April 13, 2017 at 12:28 pmNessa Original PosterTopics Started: 1Replies Posted: 1
I have an all purpose saddle pad and when I ride my horse, even when she doesn’t get sweaty, it leaves marks from where the stitching is. Is it to thick for under the saddle? Please helpApril 13, 2017 at 1:19 pmNessa Original PosterTopics Started: 1Replies Posted: 1
This is kinda like the pad I have. The stitching pattern is what shows up on her back
Attachments:April 20, 2017 at 5:56 pmJoan FryTopics Started: 11Replies Posted: 314
I’m not sure what you mean by the “stitching pattern.” Do you mean where your personalized initials are, or the colored area outlining the entire pad? It’s very similar to the pads I use, and what shows up is sweat marks where the saddle comes in contact with my mare’s back THROUGH the pad. If you mean the initials themselves are causing the marks, can you feel something rough if you slip your hand under pad? What kind of marks does it leave on your horse? The more I know, the better I can help you.April 23, 2017 at 3:33 pmpheetsTopics Started: 5Replies Posted: 475
Not necessarily too thick (depending on fit of saddle) tho that particular pad is thinly foam-filled. This simply means that it is more likely to conform to finer details than wool, felt or cotton flocked and even those can leave marks. Your mare’s coat is evidently healthy as well, soft, thick and pliable enough to adapt to/absorb the pattern : ). Pad patterns are commonly seen in thicker fuller coats tho not exclusive to. Also, as you ride, the friction/motion of minimally sliding forward and back between saddle pad and horse will disturb fur and draw it into the channels that the stitching allows. Among friction, sweat and the horse’s furnace, the heat will set that pattern into the fur (foam is hottest, imo). Most of the evidence will brush out with a good grooming and def with a hose-off.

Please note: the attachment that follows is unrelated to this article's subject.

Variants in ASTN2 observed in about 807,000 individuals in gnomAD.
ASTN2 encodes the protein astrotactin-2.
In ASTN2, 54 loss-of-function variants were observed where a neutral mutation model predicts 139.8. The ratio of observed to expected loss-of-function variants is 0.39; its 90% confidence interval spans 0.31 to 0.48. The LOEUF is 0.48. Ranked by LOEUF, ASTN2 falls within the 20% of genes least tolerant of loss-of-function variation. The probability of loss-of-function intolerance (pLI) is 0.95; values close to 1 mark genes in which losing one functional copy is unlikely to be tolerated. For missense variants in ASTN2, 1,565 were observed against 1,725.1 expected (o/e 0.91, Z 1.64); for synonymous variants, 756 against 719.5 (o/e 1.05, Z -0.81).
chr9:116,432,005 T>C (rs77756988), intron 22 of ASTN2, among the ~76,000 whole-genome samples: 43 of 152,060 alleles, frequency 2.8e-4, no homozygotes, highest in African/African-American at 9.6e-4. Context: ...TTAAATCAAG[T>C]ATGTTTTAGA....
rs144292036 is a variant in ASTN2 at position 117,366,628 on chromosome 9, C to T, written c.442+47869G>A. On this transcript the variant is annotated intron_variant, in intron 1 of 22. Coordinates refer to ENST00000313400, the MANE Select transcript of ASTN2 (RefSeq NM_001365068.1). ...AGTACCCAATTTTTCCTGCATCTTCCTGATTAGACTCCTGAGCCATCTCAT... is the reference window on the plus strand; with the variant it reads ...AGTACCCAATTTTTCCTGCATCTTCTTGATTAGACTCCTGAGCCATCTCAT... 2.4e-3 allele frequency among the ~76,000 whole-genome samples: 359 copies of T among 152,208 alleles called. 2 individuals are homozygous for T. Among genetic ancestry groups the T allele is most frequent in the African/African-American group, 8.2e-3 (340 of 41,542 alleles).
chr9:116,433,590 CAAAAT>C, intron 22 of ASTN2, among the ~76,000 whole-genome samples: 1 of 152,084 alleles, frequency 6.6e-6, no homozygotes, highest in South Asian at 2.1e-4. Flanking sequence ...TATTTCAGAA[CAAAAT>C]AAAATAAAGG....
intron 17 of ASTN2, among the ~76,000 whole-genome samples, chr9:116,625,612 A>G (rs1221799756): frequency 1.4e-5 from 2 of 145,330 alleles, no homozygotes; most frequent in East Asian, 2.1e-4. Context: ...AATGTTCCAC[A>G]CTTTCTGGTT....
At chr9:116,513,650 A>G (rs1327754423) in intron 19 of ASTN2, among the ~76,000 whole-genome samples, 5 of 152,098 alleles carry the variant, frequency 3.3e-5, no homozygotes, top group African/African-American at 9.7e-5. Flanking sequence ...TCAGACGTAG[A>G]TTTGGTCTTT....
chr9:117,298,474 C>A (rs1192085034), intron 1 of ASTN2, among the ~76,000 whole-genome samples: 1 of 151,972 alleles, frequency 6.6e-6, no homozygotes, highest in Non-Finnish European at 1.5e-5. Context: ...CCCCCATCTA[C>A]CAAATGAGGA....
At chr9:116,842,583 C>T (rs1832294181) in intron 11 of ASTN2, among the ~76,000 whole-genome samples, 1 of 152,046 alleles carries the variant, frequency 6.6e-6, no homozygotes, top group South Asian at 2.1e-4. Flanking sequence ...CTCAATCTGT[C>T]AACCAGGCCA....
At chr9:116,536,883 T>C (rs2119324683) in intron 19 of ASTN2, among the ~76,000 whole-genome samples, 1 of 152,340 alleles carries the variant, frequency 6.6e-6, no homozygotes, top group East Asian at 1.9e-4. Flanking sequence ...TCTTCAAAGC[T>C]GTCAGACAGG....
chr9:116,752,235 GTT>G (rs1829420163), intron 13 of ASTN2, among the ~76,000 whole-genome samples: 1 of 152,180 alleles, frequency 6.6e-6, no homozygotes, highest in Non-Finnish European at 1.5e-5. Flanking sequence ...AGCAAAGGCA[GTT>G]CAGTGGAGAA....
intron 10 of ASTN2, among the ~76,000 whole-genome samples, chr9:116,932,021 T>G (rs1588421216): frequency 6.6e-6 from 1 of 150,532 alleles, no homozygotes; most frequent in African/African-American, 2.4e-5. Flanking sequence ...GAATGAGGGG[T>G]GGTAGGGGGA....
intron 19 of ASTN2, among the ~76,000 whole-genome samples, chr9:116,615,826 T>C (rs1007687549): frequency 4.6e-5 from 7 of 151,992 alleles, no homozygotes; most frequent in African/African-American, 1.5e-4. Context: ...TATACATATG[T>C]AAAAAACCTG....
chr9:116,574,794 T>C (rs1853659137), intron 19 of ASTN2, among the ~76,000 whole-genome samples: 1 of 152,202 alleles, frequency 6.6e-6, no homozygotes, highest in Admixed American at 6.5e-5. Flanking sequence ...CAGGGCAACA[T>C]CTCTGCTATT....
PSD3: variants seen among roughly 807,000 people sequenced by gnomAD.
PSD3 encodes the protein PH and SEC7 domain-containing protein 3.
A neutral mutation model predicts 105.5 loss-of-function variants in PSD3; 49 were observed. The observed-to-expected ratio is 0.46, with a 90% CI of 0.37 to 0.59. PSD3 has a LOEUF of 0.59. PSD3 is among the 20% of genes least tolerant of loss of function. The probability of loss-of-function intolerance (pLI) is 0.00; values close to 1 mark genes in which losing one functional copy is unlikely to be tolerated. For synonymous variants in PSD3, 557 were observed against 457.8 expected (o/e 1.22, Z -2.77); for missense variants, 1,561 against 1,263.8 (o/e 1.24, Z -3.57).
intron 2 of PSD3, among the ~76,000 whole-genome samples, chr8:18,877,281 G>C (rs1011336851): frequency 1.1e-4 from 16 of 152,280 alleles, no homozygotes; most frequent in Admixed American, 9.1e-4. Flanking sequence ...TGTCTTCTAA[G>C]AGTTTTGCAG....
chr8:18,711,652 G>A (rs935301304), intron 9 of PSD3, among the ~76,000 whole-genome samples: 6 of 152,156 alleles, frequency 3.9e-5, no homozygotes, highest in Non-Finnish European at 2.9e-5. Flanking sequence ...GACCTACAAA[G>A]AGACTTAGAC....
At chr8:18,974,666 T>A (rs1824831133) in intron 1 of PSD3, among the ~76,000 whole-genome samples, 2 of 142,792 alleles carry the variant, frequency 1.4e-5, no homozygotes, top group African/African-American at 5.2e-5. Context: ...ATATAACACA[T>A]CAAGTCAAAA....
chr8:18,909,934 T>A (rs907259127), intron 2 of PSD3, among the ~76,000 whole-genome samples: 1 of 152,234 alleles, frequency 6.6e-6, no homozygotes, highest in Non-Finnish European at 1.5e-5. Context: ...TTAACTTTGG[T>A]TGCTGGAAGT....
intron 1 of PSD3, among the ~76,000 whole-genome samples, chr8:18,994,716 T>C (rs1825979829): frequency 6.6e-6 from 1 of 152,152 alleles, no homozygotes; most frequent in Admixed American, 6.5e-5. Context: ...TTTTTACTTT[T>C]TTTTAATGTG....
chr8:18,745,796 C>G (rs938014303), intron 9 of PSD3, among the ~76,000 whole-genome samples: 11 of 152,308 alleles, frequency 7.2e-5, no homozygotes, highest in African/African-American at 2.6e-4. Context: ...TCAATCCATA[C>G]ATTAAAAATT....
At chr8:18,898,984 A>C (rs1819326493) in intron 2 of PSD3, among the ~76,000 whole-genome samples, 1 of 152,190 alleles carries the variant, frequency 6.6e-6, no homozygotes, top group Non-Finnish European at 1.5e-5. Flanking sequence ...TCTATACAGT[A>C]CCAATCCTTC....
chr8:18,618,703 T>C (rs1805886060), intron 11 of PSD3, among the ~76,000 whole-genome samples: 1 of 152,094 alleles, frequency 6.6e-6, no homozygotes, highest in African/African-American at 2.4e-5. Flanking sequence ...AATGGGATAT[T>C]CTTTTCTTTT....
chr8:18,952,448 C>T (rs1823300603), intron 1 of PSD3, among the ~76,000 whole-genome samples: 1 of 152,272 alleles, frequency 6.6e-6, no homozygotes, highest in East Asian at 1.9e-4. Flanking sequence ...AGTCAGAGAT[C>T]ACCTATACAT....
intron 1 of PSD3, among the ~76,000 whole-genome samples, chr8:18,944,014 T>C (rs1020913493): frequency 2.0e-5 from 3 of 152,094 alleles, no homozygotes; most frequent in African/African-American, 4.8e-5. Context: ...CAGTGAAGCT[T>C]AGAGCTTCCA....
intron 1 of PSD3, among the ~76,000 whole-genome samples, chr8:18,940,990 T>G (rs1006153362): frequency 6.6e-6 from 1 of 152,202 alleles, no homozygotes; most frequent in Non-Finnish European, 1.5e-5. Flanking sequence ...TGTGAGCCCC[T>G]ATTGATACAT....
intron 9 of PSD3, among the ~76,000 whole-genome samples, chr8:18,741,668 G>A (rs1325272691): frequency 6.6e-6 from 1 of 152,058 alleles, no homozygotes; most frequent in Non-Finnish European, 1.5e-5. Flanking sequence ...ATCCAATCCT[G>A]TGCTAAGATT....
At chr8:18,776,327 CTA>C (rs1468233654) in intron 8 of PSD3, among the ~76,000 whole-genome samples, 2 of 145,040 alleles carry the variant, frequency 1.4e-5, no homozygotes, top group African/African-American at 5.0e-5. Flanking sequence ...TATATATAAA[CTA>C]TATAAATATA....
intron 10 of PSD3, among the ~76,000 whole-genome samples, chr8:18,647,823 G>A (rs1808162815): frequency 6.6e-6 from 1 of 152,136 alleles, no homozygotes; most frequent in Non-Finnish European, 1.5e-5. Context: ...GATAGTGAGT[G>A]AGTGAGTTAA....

You might look into the fit of your saddle, ‘specially if you are seeing this pattern in smaller, specific areas and not uniformly. Look at the underside of the pad specifically. You should see a consistent saddle mark from the panels of your saddle, from front to back, no clean/dry spots. Compression is producing this visual and the more you see an even pattern across her back and from wither to loin, where your saddle would sit, the better off you both are.
As for any health issues, other than saddle fit, fur patterns are comparable to our “bed head”. Hair’s all messed up from sleeping, wake up looking like some kinda goofball clown… shower, brush and all good again, NBD : )
Sure there's right and wrong but mostly there's just a whole lotta different.April 23, 2017 at 7:16 pmJoan FryTopics Started: 11Replies Posted: 314
Nessa–duh. Now that Pheets has weighed in, I know what you meant by “stitching pattern,” and I agree with what she said.
Sigh. Now I have to go back to SmartPak and let them know the spammers are back.
You must be logged in to reply to this topic.